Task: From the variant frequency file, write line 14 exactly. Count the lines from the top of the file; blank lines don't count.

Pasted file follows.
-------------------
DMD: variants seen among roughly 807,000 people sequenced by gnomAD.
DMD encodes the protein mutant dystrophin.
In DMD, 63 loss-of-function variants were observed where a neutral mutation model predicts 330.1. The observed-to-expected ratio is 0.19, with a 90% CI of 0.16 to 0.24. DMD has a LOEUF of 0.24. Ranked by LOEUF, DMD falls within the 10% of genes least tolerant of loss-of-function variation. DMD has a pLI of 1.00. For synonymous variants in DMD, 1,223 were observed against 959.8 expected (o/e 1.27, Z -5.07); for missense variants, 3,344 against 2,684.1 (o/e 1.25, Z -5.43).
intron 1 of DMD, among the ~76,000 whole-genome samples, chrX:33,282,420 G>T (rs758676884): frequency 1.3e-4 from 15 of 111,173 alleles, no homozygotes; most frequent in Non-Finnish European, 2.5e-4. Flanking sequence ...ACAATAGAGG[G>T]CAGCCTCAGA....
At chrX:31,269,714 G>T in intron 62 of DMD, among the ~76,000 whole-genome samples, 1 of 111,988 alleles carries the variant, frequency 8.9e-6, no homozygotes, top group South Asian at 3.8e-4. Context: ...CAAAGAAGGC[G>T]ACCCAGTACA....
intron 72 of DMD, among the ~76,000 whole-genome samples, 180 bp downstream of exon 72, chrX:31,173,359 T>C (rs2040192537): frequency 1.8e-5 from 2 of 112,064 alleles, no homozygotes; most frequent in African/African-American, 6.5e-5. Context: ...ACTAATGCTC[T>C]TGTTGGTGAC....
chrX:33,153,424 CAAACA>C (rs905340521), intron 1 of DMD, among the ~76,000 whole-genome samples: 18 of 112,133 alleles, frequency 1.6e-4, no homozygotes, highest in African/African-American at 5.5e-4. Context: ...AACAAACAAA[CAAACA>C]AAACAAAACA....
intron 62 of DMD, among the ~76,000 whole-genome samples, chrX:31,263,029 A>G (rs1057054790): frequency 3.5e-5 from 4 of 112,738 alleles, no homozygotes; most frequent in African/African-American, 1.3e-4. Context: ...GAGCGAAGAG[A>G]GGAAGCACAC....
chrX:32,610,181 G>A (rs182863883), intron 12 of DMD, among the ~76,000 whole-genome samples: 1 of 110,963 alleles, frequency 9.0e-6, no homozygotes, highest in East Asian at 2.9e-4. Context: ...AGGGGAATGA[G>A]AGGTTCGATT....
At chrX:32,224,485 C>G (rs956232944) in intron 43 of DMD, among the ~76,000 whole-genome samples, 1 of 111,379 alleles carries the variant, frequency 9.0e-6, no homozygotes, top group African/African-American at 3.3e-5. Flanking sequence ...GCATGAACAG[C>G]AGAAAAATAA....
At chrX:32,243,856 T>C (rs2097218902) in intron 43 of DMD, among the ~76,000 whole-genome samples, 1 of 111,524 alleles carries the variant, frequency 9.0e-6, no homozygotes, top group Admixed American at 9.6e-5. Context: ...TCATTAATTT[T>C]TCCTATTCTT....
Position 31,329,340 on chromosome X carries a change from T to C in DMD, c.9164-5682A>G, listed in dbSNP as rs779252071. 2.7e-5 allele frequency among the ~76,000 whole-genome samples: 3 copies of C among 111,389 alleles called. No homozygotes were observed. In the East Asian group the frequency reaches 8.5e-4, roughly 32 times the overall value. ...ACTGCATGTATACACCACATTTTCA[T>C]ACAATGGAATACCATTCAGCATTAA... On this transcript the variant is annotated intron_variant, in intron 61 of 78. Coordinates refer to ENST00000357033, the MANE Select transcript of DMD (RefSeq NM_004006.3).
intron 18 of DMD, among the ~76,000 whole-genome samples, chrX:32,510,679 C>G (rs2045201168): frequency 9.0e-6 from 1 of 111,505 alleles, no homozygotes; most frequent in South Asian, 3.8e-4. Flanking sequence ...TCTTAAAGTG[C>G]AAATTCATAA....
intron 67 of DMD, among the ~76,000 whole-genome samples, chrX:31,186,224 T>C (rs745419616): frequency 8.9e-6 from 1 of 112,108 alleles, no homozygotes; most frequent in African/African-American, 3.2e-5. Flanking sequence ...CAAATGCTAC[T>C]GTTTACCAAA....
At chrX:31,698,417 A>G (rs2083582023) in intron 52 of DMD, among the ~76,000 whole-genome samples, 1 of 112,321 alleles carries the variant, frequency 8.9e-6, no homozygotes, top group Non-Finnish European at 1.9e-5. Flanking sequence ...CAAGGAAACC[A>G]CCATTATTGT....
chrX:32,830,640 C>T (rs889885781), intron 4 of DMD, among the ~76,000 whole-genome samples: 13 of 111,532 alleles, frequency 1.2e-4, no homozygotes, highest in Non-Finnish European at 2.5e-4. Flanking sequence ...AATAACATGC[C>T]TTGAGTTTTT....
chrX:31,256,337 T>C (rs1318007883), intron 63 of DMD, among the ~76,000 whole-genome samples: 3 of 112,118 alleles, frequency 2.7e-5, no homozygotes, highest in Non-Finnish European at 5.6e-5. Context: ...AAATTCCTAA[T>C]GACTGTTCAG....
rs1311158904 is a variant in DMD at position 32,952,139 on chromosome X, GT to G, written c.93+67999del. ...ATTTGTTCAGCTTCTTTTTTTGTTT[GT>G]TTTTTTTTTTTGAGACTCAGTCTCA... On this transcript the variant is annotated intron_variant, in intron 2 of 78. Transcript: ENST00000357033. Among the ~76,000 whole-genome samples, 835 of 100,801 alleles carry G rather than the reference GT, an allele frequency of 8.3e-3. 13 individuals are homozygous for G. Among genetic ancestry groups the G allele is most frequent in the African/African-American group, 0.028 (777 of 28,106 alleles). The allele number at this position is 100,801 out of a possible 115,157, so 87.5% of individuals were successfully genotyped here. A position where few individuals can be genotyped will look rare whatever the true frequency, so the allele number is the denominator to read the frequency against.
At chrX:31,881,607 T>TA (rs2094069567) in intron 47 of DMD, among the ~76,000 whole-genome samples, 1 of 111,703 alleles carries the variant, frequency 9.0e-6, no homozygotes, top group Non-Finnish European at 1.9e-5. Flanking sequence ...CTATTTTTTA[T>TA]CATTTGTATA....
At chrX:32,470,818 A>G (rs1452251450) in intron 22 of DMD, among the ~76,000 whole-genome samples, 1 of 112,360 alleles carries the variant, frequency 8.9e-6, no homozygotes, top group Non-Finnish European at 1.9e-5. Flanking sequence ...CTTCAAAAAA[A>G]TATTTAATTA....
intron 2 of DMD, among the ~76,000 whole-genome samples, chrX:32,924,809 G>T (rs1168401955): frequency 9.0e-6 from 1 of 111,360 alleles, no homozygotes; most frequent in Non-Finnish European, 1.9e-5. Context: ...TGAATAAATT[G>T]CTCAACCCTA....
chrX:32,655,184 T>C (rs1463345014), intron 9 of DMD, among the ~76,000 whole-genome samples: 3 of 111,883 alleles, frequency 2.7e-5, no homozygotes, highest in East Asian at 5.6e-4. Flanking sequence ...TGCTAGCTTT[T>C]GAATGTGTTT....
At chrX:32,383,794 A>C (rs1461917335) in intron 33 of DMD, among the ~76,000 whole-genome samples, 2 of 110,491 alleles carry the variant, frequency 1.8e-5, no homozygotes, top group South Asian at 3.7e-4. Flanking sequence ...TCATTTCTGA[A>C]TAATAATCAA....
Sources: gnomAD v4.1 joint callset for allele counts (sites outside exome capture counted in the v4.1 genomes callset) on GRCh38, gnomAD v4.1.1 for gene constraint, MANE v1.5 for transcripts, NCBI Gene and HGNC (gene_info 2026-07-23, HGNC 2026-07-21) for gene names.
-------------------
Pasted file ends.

intron 67 of DMD, among the ~76,000 whole-genome samples, chrX:31,186,224 T>C (rs745419616): frequency 8.9e-6 from 1 of 112,108 alleles, no homozygotes; most frequent in African/African-American, 3.2e-5. Flanking sequence ...CAAATGCTAC[T>C]GTTTACCAAA....